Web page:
TOWN OF READFIELD
BOARD OF APPEALS
IN THE MATTER OF APPEAL)DECISION ON APPEAL
CONCERNING MAP 120, LOT 13)
By letter dated December 3, 2013, the Code Enforcement Officer for the Town of Readfield issued a Stop Work Order to Robert Bittar, one of the owners of the structure located at 26 Mill Stream Road (Map 120, Lot 13). The Code Enforcement Officer asserted that Mr. Bittar was engaged in reconstruction activity without first obtaining necessary permits as required under Article 4, Section 1 of the Readfield Land Use Ordinance.
Robert and Helen Bittar filed a timely appeal from the Stop Work Order of the Code Enforcement Officer. At the Appellants’ request, a hearing on their appeal was deferred until April 2014.
On April 16, 2014, the Readfield Board of Appeals conducted a hearing on the appeal of Mr. and Mrs. Bittar. Present at the hearing were Robert Bittar, on behalf of the Appellant, and the following members of the Board of Appeals: Mary Denison; Lisa Hewitt; Eugene Murray; Tom Dunham; and Peter Bickerman. These Board members also participated in a site visit prior to the hearing. During the hearing the Board heard presentations from Mr. Bittar and from Clifford Buuck, Code Enforcement Officer for the Town.
Pursuant to Article 2, Section 1(C) of the Readfield Land Use Ordinance, the Board of Appeals has jurisdiction to hear and decide appeals from decisions of the Code Enforcement Officer. All appeals from decisions of the Code Enforcement Officer regarding the administration of the Land Use Ordinance are conducted de novo. Based on the evidence and argument presented, the Board must decide whether or not the action taken by the CEO constituted an error of law, a misinterpretation of the Land Use Ordinance or a misapplication of the law to the facts.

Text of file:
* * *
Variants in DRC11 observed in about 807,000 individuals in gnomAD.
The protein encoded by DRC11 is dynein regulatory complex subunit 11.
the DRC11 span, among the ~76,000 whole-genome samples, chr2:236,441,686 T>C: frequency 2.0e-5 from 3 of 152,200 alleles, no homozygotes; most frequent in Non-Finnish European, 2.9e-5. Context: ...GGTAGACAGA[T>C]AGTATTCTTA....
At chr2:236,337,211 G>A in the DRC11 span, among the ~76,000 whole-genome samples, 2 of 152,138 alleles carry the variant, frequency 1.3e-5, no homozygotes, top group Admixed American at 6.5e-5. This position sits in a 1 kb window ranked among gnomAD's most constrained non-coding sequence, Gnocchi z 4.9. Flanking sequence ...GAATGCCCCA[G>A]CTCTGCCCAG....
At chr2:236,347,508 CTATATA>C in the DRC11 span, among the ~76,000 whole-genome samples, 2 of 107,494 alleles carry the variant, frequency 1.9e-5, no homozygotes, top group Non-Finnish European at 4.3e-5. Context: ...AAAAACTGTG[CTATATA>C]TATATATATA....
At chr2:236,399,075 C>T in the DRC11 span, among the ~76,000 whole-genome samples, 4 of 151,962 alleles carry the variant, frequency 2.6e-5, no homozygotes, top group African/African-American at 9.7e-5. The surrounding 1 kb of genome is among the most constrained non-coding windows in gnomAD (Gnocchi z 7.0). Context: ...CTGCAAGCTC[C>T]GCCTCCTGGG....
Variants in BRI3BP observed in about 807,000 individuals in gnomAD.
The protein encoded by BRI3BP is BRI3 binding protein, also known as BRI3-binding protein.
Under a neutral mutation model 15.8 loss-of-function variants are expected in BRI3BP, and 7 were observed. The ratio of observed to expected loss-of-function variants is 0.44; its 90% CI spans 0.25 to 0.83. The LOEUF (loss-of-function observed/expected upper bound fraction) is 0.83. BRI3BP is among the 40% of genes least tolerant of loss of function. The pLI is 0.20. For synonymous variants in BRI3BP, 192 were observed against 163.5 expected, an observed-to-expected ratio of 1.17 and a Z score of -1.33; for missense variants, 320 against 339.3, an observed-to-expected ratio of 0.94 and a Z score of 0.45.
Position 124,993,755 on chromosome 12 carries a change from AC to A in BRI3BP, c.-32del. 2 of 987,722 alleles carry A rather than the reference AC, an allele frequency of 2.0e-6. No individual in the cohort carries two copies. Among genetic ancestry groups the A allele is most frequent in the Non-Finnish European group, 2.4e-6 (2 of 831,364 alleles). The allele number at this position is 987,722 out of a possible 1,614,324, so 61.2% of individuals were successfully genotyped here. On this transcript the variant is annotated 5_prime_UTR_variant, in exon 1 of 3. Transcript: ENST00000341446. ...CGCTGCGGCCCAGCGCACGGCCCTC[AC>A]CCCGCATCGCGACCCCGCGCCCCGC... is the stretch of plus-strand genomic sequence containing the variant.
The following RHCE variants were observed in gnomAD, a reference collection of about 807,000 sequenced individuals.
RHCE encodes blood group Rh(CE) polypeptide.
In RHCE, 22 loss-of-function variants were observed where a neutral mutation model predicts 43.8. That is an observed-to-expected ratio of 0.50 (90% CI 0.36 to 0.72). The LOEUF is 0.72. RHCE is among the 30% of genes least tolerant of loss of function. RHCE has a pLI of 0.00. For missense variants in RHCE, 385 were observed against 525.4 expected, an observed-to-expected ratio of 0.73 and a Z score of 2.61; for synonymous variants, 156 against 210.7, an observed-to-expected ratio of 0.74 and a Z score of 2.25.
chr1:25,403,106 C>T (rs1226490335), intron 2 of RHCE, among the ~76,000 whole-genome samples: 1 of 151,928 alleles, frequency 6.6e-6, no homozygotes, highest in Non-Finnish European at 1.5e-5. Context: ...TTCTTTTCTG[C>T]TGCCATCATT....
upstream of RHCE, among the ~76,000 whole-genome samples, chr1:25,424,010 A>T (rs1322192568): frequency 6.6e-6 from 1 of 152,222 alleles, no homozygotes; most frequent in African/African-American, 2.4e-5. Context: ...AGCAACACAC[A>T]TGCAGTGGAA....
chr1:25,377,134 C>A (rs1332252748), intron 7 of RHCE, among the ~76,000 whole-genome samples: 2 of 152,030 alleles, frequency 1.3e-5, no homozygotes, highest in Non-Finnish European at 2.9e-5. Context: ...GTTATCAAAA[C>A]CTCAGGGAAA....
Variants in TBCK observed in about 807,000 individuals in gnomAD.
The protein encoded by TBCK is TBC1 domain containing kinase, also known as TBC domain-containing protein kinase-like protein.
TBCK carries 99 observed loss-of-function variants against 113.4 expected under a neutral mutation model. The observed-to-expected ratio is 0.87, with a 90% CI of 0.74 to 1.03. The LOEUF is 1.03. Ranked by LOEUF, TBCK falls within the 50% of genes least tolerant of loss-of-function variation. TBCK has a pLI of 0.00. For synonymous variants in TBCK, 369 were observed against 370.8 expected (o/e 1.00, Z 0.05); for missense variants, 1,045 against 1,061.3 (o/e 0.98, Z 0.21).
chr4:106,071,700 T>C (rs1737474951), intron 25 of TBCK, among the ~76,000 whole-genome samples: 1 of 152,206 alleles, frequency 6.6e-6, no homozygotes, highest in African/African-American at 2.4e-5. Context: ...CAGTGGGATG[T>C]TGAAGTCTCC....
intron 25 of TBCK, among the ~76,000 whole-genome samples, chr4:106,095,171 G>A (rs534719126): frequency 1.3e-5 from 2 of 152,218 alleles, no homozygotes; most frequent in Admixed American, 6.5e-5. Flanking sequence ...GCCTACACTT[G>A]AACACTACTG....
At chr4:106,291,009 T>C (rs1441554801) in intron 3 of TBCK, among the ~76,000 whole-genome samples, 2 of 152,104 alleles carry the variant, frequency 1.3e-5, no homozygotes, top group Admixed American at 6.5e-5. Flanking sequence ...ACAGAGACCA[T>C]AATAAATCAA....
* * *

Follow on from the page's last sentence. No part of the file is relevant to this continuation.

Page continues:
FINDINGS AND CONCLUSIONS
1.In October 2013, the subject property was purchased by Cecelia Reardon who, according to Mr. Bittar, is an employee of one of his business enterprises. Five days after purchasing the property, Ms. Reardon transferred it by deed to Robert and Helen Bittar.
2.The subject property contains a structure which is one of the oldest residential structures in the Town of Readfield. At the time of the purchase by Mr. and Mrs. Bittar, the structure was in extreme decay. It was last lived in on a regular basis in approximately 1998. The assessed value of the structure is $1,500.
3.In the fall of 2013, there was a discussion involving Mr. Bittar, his consultant and the Town’s CEO regarding the possible need to obtain permits to pursue reconstruction of the structure. Mr. Bittar, however, did not apply for a permit.
4.The subject property is located within the Rural Residential District and abuts a Resource Protection District Zone for wildlife habitat. The structure is located less than 75 feet, horizontal distance, from the normal high-water line of Mill Stream. The structure also is located less than 75 feet, horizontal distance, from the upland edge of a wetland. Accordingly, the structure on the subject property is a “non-conforming structure” within the meaning of the Land Use Ordinance.
5.During the hearing Mr. Bittar testified that he had expended a least $4,000 in renovation costs on the structure from the time of his purchase of the subject property until his receipt of the Stop Work Order. That work included the reconstruction of the roof and the pouring of cement to support the floor. Mr. Bittar contended that these activities constituted “normal repair and maintenance” not requiring a permit pursuant to Article 4, Section 2 of the Land Use Ordinance.